What won’t make a huge difference is that spicy curry. You might have heard about foods like chilli firing up your metabolism, but they’re unlikely to make a meaningful difference every day. Same goes for so-called ‘metabolism boosting’ supplements. “There is little scientific evidence to show that any foods or supplements can boost your metabolism,” Ashleigh points out. “Some foods like caffeine may have minor short term boosting effects, but products that claim to speed up your metabolism are often more hype than help, and some may cause undesirable or even dangerous side effects like increased heart rate. The focus should be on developing healthy dietary and lifestyle changes.” In short: nourishing and balanced meals are your best bet.

Sadly, snacking doesn’t speed up your metabolism, either. “I don’t advocate for many small meals a day – there is no scientific evidence to suggest this increases our metabolism,” Ashleigh points out. “If you don’t wait long enough between eating times, you risk taxing your digestive system. Your body doesn’t get enough time to break down the food between meals, which means you will have high-circulating glucose in the blood, which is linked to inflammation.” Shame.

Does fasting boost your metabolism?

This Mexican Breakfast Bowl from SumoSalad is a delicious, balanced breakfast

One thing the jury is still out on is fasting. We know that a balanced breakfast can be an important part of a healthy diet. It’s meant to kick-start the metabolism and get you into gear for the day. However, there is also growing evidence that intermittent fasting can have beneficial fat-burning effects. In fact, a 2019 study in the journal Scientific Reports found that fasting may help boost human metabolic activity. So, what’s the deal?

“The body uses a lot of energy stores for growth and repair through the night and eating a balanced breakfast helps up our energy, as well as replenish protein and calcium stores used throughout the night,” explains Ashleigh. “I am an advocate for a healthy breakfast, but on the flip side of this is the intermittent fasting movement, which suggests we should skip breakfast to widen the period of fasting. This notion does have scientific backing, and there is evidence that points to intermittent fasting being beneficial for blood glucose and insulin sensitivity. So it’s really what works for you; if you can skip breakfast and not go overboard later in the day, then go for it. But if you are someone who is hungry in the morning, it’s probably a good idea to have a balanced meal.”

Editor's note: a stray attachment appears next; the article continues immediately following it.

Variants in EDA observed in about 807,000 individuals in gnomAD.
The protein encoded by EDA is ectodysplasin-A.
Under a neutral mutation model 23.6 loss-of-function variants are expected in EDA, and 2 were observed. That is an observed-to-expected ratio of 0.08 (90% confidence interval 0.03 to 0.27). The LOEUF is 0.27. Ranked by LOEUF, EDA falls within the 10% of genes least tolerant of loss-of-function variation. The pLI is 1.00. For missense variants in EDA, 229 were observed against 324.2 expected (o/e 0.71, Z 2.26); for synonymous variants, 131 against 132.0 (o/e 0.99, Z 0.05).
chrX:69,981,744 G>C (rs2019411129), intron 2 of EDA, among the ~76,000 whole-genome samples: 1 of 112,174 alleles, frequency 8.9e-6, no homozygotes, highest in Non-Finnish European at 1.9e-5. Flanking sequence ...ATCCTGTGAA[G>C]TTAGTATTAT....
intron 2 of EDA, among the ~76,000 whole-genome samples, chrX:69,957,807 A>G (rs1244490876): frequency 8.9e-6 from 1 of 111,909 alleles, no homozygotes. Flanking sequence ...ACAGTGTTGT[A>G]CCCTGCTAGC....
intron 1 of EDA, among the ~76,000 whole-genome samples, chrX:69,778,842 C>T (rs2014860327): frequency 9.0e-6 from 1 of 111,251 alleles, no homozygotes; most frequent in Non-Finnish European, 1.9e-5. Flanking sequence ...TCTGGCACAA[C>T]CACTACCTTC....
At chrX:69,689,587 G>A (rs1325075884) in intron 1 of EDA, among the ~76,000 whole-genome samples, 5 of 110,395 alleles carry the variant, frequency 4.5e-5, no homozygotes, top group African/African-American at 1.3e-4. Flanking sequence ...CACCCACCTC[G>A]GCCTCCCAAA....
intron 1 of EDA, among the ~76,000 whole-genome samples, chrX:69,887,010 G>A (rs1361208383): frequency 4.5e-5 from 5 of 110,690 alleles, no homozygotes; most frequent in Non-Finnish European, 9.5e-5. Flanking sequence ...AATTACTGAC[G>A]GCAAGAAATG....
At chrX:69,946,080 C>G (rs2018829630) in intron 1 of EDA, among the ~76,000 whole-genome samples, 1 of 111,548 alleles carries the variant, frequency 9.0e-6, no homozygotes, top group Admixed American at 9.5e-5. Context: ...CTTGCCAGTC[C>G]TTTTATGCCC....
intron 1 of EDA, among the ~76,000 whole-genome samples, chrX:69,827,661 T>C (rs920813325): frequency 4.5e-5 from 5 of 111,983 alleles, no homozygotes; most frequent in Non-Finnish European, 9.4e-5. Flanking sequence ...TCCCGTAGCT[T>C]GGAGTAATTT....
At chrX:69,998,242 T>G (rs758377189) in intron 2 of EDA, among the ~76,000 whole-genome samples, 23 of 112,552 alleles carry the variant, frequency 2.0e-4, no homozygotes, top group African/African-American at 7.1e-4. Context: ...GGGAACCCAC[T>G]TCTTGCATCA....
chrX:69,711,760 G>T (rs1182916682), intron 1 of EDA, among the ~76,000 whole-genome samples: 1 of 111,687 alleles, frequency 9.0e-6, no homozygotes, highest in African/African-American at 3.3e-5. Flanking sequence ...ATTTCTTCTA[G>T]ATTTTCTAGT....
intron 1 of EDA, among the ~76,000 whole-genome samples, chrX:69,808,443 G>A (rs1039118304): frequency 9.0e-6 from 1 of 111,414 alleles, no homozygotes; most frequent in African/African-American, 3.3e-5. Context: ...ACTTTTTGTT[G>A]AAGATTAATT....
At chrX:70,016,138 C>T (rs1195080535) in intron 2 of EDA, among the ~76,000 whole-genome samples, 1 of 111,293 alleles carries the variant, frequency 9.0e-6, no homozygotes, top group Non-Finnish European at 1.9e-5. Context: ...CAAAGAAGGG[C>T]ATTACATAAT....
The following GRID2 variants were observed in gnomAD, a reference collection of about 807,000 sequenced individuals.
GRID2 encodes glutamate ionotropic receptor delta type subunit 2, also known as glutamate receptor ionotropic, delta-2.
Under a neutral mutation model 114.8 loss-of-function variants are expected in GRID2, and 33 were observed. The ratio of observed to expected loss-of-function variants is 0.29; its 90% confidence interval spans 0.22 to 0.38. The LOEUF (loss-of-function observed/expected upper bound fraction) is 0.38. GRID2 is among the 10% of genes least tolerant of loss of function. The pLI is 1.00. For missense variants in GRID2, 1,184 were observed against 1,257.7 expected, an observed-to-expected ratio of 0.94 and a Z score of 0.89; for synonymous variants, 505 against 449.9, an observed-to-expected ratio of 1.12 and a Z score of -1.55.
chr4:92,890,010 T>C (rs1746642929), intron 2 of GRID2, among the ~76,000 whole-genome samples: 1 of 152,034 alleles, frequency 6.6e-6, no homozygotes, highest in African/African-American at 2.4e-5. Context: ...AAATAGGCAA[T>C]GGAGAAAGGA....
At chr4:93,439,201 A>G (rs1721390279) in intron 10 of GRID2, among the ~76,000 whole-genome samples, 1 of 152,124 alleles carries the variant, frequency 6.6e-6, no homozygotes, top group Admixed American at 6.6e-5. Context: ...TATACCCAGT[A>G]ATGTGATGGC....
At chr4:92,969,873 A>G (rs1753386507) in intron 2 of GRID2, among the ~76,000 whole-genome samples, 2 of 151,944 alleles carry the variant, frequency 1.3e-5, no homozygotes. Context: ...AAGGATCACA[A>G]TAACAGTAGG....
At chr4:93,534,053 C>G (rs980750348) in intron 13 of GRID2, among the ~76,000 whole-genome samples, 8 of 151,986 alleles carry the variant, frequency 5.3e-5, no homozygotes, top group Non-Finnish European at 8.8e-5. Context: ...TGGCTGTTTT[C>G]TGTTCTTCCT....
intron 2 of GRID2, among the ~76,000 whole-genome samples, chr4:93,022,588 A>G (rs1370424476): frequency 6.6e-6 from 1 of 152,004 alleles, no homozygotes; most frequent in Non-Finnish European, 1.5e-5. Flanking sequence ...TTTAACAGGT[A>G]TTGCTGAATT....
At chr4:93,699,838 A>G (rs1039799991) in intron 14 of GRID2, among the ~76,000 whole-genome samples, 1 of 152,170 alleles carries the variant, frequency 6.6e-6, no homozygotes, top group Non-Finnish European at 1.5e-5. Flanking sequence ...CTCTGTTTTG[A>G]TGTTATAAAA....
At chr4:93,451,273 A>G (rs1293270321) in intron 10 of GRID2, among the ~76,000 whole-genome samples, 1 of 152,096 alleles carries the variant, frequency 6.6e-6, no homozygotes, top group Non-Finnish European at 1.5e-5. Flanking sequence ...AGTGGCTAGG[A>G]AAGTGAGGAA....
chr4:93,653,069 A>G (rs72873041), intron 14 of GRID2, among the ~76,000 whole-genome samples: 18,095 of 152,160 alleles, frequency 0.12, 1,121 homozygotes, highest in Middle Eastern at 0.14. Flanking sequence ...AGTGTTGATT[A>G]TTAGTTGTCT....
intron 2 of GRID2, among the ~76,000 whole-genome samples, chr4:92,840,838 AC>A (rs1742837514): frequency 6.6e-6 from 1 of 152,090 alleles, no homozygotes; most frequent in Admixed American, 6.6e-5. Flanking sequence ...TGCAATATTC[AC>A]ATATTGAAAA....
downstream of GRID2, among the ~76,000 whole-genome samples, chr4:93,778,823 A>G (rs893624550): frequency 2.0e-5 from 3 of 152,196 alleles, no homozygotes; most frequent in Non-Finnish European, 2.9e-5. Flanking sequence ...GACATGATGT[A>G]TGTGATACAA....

Crash dieting will mess with your metabolism

There’s one thing experts do agree on: crash dieting will wreak havoc on your metabolism. Not only does it slow it down, it reduces that metabolism-boosting muscle mass. “Extreme weight loss in a short amount of time will cause your metabolism to slow, which in turn can lead to more weight gain in the future,” says Ashleigh. “This is because once you stop dieting, you start eating normally again but your metabolism will still be functioning at the lower rate. Limiting and restricting calories also deprives your body of critical nutrients, and impacts on your lean muscle mass.”

As well as messing with your metabolism, extreme dieting stresses your immune system, can lead to exhaustion and dehydration, messes with your hormones and can even harm your heart if you keep it up long term. Yeah, no thanks. Ashleigh’s advice: “Take a look at your overall eating and exercise habits and make adjustments slowly that are maintainable long term.” Essentially, a healthy and balanced diet is the best way to make friends with your metabolism for life.